You Are a Lawyer in the Executive Branch

By Wells Bennett
Wednesday, January 21, 2015, 8:24 PM

Correspondence finds its way into your inbox, bearing the signature of the newly-installed Chairman of the Senate Select Committee on Intelligence, Senator Richard Burr.

His letter (per today's New York Times) last week was sent to the White House, and sets forth an unusual request: In it Senator Burr allegedly asks "the executive branch" to return all copies of the Committee's study of the CIA's detention and interrogation practices---meaning, of course, not the declassified and widely-circulated Executive Summary of the study, but the still-classified, Big Kahuna.

The question is how to proceed. Copies of the study, as you know, are in your client's possession precisely because the Committee earlier---under the leadership of its prior Chairman, Senator Dianne Feinstein---transmitted the document to the White House and some three-letter agencies. Further complicating matters is this fact: The study has been sought for some time now, in thus far unresolved litigation brought against the CIA under the Freedom of Information Act ("FOIA"). But the Committee is not subject to that famed statute---as you, and your colleagues in the Justice Department who handling the FOIA case, are also well aware.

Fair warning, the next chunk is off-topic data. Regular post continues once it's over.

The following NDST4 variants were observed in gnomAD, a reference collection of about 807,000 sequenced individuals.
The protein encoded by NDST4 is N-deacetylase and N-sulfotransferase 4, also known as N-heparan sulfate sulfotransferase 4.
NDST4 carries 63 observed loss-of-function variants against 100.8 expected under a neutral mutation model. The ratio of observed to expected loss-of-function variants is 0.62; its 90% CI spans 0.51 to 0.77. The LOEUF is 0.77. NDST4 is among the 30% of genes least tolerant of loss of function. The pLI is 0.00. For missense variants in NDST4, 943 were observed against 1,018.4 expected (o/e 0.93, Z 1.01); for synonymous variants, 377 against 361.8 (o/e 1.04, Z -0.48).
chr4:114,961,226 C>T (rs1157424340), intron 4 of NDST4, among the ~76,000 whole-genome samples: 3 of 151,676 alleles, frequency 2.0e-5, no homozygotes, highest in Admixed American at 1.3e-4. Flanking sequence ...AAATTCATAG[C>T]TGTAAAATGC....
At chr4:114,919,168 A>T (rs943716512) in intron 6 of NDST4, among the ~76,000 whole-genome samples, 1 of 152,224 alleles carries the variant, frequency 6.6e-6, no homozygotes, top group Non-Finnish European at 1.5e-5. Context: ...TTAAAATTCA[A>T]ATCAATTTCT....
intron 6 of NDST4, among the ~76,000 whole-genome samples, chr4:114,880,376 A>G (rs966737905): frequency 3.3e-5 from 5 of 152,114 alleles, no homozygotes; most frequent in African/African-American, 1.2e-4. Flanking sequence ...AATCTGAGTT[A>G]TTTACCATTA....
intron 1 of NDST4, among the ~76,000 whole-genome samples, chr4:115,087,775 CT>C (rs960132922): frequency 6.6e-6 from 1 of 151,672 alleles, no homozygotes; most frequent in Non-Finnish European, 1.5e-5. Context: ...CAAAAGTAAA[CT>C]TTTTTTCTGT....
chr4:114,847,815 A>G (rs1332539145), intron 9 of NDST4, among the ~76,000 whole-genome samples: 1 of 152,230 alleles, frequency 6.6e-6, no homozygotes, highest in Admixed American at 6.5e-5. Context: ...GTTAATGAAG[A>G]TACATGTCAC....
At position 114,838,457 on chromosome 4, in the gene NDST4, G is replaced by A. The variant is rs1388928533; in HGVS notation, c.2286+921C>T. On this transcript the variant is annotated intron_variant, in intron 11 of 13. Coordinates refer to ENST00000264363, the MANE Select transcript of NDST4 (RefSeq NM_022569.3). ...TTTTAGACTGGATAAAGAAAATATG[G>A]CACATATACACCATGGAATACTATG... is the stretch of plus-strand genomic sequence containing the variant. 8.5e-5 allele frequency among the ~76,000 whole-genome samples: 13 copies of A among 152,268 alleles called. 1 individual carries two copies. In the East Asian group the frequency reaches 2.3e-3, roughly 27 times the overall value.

So: Do you hand the thing over---and thus risk undermining the FOIA suit, offending a federal court, and causing a public backlash?


Odds are Senator Burr's request likely won't be honored any time soon by the executive branch. And indeed it absolutely shouldn't be, to the extent it seeks materials requested in a pending FOIA action. (And this is not to say there might not be other reasons to brush the letter aside, either; I know counsel in the high-value detainee military commission cases will want to get their hands on the study, given the defense's long-standing desire to litigate the relationship between pre-trial abuse and the possible criminal penalty.  There's also the question of precedent-setting in congressional-executive relations. I would wonder about what the long-run consequences of returning the study to the Committee might be in this respect as well.)

Perhaps we'll learn more from a CIA filing in the FOIA case---which I understand is due to be filed tomorrow.

[This post was updated this morning.]